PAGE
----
The following information was taken from “The Yes Heard Round the World,” a history of the Ursuline Sisters of Paola from 1895-1975.
The Ursuline Sisters of Paola have returned “home” to be with their Kentucky cousins at Mount Saint Joseph. Both communities got their start in Louisville, where Ursuline Sisters from Straubing, Bavaria, established a motherhouse in 1858. It was the same Louisville bishop who helped the Ursulines of Mount Saint Joseph gain their independence, the Most Rev. William McCloskey, who also helped the Paola sisters break free.
A small group of Louisville sisters were teaching in the German school in St. Louis in the early 1890s when the priest who’d invited them suggested they start an independent community rather than face resistance from the Louisville Motherhouse. Sister Maurice Albert was the leader of a group of 13 sisters who wanted to stay in St. Louis, but knowing she needed more moral and financial help, she recruited Sister Jerome Schaub, an Ursuline Sister for 18 years who was teaching music in a school in Cumberland, Md. She would some to be known as “Mother Jerome” the rest of her days.
All did not go smoothly with the sisters’ attempt to separate from Louisville. The superior in Louisville, angry about the splinter group, recalled all the sisters teaching in St. Louis. The vicar general in St. Louis, who did not like what was happening to the schools, told the sisters seeking to separate they could not remain in St. Louis. Bishop McCloskey brought the 13 sisters to Shelbyville, Ky., a small town near Louisville, to establish an independent community in 1893. While there they received a letter of encouragement from Fr. Paul Joseph Volk, who had been instrumental in starting Mount Saint Joseph Academy and supporting an independent community at Maple Mount. The sisters continued their efforts to return to teach in the St. Louis schools, and in 1894, they were allowed to do so. Bishop McCloskey suggested they be prepared to teach in English-speaking schools in St. Louis, and they did so for the first time at St. Cronin’s in the fall of 1894.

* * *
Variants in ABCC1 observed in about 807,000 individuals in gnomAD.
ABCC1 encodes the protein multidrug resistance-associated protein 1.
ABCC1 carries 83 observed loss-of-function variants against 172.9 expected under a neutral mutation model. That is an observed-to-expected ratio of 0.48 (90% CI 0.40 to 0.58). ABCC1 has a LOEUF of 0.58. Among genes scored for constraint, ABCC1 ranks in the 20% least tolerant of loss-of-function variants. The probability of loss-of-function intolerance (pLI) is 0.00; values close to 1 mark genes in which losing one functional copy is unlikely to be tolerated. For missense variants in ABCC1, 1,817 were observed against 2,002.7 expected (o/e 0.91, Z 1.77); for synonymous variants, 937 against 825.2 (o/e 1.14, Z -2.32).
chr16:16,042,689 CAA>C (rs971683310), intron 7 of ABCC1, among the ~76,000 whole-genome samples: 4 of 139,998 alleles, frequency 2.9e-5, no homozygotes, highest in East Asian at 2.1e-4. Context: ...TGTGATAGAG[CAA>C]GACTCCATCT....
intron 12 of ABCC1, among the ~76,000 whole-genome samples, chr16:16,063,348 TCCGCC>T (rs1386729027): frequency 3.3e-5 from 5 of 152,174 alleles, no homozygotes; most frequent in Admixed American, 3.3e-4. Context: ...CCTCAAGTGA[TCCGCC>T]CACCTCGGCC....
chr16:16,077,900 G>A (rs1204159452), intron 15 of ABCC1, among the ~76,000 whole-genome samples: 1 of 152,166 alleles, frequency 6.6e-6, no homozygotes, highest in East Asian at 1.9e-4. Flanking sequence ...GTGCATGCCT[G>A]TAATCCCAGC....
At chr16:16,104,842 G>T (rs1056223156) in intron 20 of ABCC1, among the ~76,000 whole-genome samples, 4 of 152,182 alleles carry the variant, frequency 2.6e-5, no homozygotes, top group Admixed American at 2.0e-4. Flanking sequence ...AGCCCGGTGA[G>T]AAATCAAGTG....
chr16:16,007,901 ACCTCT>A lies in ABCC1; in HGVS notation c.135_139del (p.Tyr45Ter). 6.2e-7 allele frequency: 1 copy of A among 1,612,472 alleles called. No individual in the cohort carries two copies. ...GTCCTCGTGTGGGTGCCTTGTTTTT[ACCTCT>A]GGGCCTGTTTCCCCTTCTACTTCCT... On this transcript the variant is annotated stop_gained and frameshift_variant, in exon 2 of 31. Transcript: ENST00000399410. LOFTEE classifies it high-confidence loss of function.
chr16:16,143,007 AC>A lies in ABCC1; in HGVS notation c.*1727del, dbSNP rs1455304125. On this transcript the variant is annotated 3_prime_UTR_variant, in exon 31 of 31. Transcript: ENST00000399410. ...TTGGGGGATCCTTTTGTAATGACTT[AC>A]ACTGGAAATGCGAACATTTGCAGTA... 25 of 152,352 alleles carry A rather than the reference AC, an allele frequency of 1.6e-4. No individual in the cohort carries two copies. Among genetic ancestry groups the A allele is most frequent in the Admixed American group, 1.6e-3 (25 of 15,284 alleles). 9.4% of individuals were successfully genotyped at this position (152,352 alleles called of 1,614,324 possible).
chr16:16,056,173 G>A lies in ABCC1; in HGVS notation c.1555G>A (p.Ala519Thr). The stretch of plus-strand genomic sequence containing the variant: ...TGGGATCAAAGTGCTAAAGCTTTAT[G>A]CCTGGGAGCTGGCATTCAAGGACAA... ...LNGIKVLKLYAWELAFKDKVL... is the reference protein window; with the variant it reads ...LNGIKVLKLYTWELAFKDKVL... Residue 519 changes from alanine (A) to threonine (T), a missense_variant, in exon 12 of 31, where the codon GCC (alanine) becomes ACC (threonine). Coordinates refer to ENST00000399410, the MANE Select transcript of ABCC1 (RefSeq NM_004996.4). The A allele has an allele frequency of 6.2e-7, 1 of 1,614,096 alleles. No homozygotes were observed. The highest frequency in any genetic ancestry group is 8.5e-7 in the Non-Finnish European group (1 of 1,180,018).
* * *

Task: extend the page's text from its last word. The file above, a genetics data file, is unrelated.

With resistance still strong to forming an independent community in St. Louis, Mother Jerome spoke with Bishop Louis Mary Fink of Kansas, who was happy to have the sisters come to his diocese along the Kansas-Missouri border. He had a place ready in Scipio, Kansas, where he was in need of teachers, and was open to having them establish a motherhouse in his diocese. On Dec. 8, 1894, the sisters arrived in Paola to investigate a possible new home.
The motherhouse was established in 1895 on five acres of a former cornfield on the east edge of town. Ursuline Academy was built in 1896, and served students until it was closed in 1971, due to declining enrollment and a lack of sisters to teach. Mother Jerome was officially elected superior in 1901, and served in that role at various times for more than 30 years. She died in December 1942.